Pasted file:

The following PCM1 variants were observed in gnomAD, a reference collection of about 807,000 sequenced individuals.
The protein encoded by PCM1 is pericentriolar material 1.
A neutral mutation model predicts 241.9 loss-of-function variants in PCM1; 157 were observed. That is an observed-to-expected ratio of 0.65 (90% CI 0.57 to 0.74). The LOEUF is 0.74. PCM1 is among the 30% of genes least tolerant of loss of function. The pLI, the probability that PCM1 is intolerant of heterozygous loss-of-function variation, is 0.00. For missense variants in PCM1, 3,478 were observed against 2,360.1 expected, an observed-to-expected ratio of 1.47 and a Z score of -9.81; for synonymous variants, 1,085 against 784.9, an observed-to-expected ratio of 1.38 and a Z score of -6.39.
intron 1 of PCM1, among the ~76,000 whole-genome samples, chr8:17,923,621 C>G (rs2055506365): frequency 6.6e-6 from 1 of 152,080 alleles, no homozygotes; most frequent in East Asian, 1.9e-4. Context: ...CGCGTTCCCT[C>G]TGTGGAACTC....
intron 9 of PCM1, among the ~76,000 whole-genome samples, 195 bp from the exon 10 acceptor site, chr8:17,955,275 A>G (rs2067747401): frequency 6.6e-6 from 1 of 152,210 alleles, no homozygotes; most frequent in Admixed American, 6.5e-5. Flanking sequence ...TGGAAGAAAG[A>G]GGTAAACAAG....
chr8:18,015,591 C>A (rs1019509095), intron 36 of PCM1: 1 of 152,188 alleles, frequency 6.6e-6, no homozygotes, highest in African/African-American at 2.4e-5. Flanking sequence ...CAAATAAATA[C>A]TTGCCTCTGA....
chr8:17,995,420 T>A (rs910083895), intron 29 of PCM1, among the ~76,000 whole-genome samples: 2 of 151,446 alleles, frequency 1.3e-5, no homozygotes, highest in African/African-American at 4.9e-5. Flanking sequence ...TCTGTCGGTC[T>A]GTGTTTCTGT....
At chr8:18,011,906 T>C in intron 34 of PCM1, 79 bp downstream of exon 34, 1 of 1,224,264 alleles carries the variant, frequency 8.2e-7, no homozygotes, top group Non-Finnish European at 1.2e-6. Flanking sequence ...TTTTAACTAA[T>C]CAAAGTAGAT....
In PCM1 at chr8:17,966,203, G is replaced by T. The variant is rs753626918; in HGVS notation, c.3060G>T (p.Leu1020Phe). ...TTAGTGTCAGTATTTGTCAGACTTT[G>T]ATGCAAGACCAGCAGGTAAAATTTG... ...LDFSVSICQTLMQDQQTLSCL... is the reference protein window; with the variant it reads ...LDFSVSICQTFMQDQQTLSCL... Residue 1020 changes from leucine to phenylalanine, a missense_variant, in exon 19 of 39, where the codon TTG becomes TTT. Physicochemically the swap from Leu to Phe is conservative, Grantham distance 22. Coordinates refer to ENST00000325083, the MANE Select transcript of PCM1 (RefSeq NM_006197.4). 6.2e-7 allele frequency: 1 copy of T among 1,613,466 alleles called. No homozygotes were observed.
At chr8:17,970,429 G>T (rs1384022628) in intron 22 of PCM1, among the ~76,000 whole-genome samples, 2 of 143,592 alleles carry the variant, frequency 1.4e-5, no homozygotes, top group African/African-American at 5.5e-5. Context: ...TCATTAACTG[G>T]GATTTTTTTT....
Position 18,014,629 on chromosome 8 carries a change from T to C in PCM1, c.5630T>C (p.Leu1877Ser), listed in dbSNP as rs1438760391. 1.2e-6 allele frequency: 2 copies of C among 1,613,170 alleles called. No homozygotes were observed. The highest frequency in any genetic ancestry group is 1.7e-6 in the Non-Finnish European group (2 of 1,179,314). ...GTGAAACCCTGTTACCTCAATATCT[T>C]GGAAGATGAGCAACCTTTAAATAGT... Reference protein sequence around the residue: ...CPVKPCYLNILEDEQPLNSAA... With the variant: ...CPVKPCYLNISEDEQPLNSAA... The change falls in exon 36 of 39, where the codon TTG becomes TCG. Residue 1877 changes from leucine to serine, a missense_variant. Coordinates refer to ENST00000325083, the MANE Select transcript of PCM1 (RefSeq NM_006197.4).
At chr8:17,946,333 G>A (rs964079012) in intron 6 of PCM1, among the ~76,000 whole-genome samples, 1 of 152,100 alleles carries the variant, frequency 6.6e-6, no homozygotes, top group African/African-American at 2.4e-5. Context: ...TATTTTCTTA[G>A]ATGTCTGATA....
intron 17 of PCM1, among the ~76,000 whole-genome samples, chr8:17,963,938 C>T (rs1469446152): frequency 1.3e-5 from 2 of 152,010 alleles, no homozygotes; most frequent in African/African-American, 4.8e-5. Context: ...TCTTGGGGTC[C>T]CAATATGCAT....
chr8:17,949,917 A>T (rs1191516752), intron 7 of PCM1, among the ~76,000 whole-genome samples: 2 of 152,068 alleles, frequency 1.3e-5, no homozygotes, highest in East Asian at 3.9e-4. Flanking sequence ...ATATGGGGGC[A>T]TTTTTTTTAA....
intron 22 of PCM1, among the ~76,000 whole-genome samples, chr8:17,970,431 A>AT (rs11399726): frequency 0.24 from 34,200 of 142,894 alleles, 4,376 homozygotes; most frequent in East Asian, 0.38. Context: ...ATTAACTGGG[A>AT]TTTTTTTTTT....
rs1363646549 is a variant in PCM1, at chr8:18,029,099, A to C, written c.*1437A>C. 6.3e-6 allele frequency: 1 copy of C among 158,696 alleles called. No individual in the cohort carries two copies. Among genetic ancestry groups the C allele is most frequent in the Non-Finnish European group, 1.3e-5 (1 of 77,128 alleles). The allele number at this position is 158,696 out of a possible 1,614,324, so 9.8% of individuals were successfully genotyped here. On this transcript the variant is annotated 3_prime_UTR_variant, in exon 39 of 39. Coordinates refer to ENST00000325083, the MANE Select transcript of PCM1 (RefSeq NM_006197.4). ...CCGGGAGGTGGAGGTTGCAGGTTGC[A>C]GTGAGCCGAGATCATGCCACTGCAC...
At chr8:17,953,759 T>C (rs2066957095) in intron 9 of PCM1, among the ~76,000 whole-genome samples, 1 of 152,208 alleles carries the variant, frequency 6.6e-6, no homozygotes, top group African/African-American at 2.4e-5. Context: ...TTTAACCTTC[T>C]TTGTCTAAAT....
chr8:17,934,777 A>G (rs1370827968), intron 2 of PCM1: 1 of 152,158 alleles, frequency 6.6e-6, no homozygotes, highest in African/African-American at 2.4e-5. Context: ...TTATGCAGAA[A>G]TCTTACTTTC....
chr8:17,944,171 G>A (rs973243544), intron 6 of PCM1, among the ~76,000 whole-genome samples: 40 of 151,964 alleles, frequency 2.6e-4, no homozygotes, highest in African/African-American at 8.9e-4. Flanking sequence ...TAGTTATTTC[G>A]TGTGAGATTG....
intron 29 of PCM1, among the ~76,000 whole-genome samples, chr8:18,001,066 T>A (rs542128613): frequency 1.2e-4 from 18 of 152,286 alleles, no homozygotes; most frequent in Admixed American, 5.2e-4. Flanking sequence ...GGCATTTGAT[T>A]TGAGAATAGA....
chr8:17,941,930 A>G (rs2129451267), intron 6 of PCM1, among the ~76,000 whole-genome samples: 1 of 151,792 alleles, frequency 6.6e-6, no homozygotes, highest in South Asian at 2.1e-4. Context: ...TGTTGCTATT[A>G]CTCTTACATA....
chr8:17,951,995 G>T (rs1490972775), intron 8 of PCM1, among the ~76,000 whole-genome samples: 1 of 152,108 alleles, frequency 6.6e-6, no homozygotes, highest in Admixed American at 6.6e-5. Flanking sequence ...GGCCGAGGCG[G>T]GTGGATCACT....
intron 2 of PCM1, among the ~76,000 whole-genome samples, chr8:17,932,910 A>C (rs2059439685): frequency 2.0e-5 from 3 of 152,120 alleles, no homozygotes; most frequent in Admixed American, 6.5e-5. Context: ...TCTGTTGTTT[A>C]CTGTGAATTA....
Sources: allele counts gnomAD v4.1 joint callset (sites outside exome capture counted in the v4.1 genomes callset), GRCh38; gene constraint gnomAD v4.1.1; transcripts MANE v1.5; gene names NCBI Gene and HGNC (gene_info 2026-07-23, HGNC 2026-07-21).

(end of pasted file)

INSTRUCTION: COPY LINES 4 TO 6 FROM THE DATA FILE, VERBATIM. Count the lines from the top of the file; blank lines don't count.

intron 1 of PCM1, among the ~76,000 whole-genome samples, chr8:17,923,621 C>G (rs2055506365): frequency 6.6e-6 from 1 of 152,080 alleles, no homozygotes; most frequent in East Asian, 1.9e-4. Context: ...CGCGTTCCCT[C>G]TGTGGAACTC....
intron 9 of PCM1, among the ~76,000 whole-genome samples, 195 bp from the exon 10 acceptor site, chr8:17,955,275 A>G (rs2067747401): frequency 6.6e-6 from 1 of 152,210 alleles, no homozygotes; most frequent in Admixed American, 6.5e-5. Flanking sequence ...TGGAAGAAAG[A>G]GGTAAACAAG....
chr8:18,015,591 C>A (rs1019509095), intron 36 of PCM1: 1 of 152,188 alleles, frequency 6.6e-6, no homozygotes, highest in African/African-American at 2.4e-5. Flanking sequence ...CAAATAAATA[C>A]TTGCCTCTGA....